Tokyo 2020 - Emblem/Logo Image

Tokyo 2020

Host Nation





23 Jul - 8 Aug 2021



Competing Nations


Competing Athletes



On 7 September 2013 outgoing International Olympic Committee President Jacques Rogge declared "The Games of the 32nd Olympiad in 2020 are awarded to the city of... Tokyo!"

The Games returned to Japan’s capital city more than half a century after hosting the Olympics in 1964.

Due to the unprecedented effects of the coronavirus (COVID-19) which engulfed the world in early 2020, the Tokyo 2020 Olympic Games were rescheduled from 23 July – 8 August 2020 to the same dates in 2021.

The United States of America (USA) topped the medal table for the third-consecutive summer Olympics, winning 113 medals of which 39 were gold.

Australia at these Games

Tokyo 2020 was a record-breaking Games for the Australian Olympic Team and had our equal-best gold medal haul (17).

There were 486 Australian's competing in Tokyo, led out by Opening Ceremony Flag Bearers Cate Campbell and Patty Mills and brought home with Closing Ceremony Flag Bearer Mat Belcher, which made it our largest offshore Team ever and second biggest overall behind Sydney 2000.

Of the 486 athletes, 308 were debutants to account for 63.4% of the Team.

Female representation accounted for 53.7% of the Team (261 team members), a record percentage for Australia.

A record 16 Indigenous Australians represented the Australian Olympic Team in Tokyo.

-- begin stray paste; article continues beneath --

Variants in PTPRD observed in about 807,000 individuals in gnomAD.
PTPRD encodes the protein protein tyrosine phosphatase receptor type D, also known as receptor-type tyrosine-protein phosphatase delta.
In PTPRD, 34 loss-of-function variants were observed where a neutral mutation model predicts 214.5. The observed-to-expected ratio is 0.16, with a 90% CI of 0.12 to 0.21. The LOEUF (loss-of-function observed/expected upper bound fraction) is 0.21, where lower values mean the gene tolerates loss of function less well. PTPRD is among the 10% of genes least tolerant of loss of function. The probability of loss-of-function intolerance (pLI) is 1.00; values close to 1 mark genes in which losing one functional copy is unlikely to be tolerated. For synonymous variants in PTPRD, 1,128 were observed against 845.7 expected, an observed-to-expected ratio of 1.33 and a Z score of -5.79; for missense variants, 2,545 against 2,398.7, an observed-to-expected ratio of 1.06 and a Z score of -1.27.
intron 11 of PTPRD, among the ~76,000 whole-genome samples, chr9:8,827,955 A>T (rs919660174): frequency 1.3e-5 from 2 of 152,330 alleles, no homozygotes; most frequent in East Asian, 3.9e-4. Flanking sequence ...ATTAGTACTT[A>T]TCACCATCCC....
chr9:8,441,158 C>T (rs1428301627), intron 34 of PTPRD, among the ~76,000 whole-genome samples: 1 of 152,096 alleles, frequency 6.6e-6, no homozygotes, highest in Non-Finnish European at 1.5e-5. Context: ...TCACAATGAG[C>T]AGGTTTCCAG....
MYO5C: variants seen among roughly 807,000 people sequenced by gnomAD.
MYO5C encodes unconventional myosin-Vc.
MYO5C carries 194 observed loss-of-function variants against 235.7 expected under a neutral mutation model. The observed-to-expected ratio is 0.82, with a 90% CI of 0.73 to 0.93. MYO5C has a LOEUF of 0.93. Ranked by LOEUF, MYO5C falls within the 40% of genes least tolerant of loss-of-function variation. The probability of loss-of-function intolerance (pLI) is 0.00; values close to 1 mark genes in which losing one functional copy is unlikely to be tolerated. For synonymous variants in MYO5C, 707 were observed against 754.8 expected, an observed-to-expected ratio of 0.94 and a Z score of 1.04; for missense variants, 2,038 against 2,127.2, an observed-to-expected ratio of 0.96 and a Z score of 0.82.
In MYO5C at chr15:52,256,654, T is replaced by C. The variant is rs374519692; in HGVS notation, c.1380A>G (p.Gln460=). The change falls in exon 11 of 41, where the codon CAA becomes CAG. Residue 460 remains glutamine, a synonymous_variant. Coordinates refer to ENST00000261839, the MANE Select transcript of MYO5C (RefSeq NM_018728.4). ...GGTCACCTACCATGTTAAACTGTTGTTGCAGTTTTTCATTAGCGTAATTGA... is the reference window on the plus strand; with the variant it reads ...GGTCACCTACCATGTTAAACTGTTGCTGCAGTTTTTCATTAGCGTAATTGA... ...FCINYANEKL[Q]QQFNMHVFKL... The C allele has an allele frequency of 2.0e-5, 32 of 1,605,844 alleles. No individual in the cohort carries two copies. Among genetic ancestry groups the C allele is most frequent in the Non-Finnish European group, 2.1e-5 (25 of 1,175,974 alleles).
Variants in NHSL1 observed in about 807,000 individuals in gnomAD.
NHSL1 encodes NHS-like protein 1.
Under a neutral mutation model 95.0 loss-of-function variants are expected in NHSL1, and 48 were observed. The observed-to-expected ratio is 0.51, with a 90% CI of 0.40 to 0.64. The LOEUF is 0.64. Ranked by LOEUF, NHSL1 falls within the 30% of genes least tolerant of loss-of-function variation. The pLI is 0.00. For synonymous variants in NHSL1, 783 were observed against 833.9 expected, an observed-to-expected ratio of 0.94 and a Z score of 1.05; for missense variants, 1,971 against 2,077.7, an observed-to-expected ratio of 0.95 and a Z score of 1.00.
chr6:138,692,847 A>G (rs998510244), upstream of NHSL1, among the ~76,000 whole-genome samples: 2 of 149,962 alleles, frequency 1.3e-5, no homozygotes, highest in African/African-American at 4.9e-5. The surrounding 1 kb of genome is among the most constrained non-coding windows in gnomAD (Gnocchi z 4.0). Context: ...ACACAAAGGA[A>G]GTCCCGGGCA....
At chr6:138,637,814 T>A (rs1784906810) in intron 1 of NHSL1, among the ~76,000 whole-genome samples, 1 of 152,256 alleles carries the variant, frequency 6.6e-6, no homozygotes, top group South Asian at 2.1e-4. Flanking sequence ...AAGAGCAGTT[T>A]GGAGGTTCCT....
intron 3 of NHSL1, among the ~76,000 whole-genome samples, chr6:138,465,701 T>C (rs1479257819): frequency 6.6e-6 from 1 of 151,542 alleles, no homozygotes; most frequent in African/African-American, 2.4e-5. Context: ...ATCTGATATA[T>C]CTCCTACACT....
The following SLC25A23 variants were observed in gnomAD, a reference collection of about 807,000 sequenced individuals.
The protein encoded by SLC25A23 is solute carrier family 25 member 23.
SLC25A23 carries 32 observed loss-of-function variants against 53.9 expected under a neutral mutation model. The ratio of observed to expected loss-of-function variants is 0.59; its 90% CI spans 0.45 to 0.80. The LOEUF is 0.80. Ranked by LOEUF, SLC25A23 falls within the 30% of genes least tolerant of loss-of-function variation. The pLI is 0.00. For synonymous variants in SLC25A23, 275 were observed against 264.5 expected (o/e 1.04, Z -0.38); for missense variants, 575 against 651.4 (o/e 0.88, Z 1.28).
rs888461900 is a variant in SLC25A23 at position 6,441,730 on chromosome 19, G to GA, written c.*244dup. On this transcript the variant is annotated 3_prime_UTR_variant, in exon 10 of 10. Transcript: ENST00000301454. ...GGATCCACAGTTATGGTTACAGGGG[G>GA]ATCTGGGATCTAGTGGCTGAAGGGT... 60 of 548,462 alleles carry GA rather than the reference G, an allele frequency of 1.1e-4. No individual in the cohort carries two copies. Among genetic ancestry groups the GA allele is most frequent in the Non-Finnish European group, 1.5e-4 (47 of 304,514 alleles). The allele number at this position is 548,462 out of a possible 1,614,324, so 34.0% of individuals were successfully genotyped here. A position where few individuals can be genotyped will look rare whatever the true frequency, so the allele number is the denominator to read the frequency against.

On the medal table Australia placed sixth, ahead of sporting powerhouses France and Germany, on the back of our second-best medal haul in history (17 gold, 7 silver, 22 bronze - 46 total).

Excellence in water sports accounted for 32 Australian medals and 70% of our Tokyo 2020 tally.

Emma McKeon had a record-breaking effort as she picked up four gold medals and three bronze from Swimming – becoming the most successful athlete in Australian Olympic history with a career total of 11 Olympic medals.

Ariarne Titmus defeated the greatest female swimmer in history, Katie Ledecky of the USA, for gold over 400m en route to a personal medal tally of two gold, one silver and one bronze at her debut Olympic Games.

Cate anchored another World Record breaking swim in the 4x100m freestyle relay team (alongside Meg Harris, Bronte Campbell and Emma) to win a gold medal in the same event at three Olympic Games. Cate, regarded as the greatest relay swimmer Australia has ever produced, also won the 4x100m medley relay in Tokyo with Kaylee McKeown, Chelsea Hodges and Emma.

Jess Fox paddled into canoe slalom history as the very first Olympic champion of the women's C1.

Skateboarding and BMX freestyle made their Olympic debuts, which paved the way for Keegan Palmer and Logan Martin to become Olympic champions, with each dominating in their respective sports at Tokyo 2020.

99 different Australian athletes have a Tokyo 2020 medal. Our tally of 46 medals yielded 129 individual medals by 99 athletes across 19 sports.

Medals were won by the Team's youngest member, 17-year-old Mollie O'Callaghan (Swimming), and the second oldest (oldest male) Andrew Hoy at 62 (Equestrian).

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Tokyo 2020 Team in Numbers

Tokyo 2020 Fast Facts

The Games

Australian Olympic Team

Host City

The Venues